By Junior Grand Warden David R. Ritchie
It has been said that “Being male is a matter of birth. Being a man is a matter of age. Being a gentleman is a matter of choice.” Being a gentleman is as much a matter of choice as being uncivil is a matter of choice. The choice often centers around choosing self-centeredness or choosing empathy with others. Civilization is the idea of a group of people living and working together, within a common set of rules, to accomplish things for the greater good. For civilization to work we must be aware and work for something greater than ourselves. Two things that boost incivility are the ego and self -centeredness. A classic example is a neighbor who plays his music at full volume at two in the morning. When asked to turn it down responds with, “It’s my house, I have a right to listen to music as loud as I want.” Granted we all have the same right to listen to music in our homes but the gentleman understands that he also has a responsibility to be a good neighbor. The neighbor chooses a self-centered response benefiting only himself. The gentleman chooses to impose upon himself, for the benefit and comfort of his neighbors, limits on volume and time of day.
Ego is one of the other banes of civility and goes hand in hand with self-centeredness. If my ego is such that I see myself as more important than others then I will surely fail to treat others with the respect and dignity they deserve. Ego is also where so many good discussions turn to fruitless arguments. If I go into the discussion with the belief that I am better, smarter, more well-informed than the other person then my ego will keep me from listening to the other side or conceding a point, or even admitting that I was wrong. In Masonry, we have many “mysteries” that do not have definitive answers. As an example, “Do you wear your ring with the points in or the points out?” This question has led to some great discussions because there is no established correct way. Each man chooses for himself. The personal reasons given for their personal choice are often informative, insightful, and many times entertaining. Yet, all it takes is one man whose ego won’t allow him to accept other men’s ideas. When a man makes the choice to allow his ego to rule his thoughts and actions, he by default makes a choice to move away from gentlemanly behavior. He also gains nothing from the conversation. His opinion and ideas are the same going in as coming out of the discussion. When he circumscribes the passions of the ego and keeps them within due bounds, he probably won’t have his mind changed, but he will be enriched by the other ideas, both pro, and con, presented.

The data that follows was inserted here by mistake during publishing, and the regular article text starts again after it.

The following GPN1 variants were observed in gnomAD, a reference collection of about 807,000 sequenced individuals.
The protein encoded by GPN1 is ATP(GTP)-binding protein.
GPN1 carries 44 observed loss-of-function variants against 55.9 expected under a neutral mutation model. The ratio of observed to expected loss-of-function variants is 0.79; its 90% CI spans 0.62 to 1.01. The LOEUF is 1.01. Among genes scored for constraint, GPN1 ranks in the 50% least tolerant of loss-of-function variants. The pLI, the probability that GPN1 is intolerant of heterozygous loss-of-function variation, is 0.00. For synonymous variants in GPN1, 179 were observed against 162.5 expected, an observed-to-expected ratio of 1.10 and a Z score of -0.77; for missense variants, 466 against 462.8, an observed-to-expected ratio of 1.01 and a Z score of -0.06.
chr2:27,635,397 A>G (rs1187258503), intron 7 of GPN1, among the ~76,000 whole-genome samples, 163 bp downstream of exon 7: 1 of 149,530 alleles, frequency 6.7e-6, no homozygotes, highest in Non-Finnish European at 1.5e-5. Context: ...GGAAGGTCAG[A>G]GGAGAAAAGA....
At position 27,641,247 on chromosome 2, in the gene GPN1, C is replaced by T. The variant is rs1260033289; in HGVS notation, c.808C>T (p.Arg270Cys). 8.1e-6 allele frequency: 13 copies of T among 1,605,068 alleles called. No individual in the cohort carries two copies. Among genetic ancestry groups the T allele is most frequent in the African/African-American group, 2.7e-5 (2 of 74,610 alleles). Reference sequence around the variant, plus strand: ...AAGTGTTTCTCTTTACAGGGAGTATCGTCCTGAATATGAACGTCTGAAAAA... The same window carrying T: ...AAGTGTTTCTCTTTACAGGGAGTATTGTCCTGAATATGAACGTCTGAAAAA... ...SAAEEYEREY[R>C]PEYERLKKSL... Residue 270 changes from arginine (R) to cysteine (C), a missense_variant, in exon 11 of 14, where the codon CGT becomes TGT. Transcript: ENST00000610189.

To a Mason meeting on the level is so important. If the gentle-man chooses to view everyone in the room as his equal, his ego will be kept in due bounds as well as his sense of self. The ego tells us that to meet on the level we should talk down to others or lower ourselves to be where they are. In Masonry meeting on the level means bringing a Brother and ourselves up to a common level. A gentleman seeks to raise others’ abilities and self-esteem, things not found when the ego is in charge. Simply put, do I engage others in discussion to enlighten them with my ideas and beliefs or do I engage others that their ideas and beliefs may enlighten me? In a world where, “Look out for number one”, “nice guys finish last”, “cancel culture”, and “make ourselves big” are the norm, ego and self-centeredness flourish. Isn’t it nice that we as individuals make the choice to come to the lodge, to meet on the level, to share each other’s ideas and company and then carry them out into the world?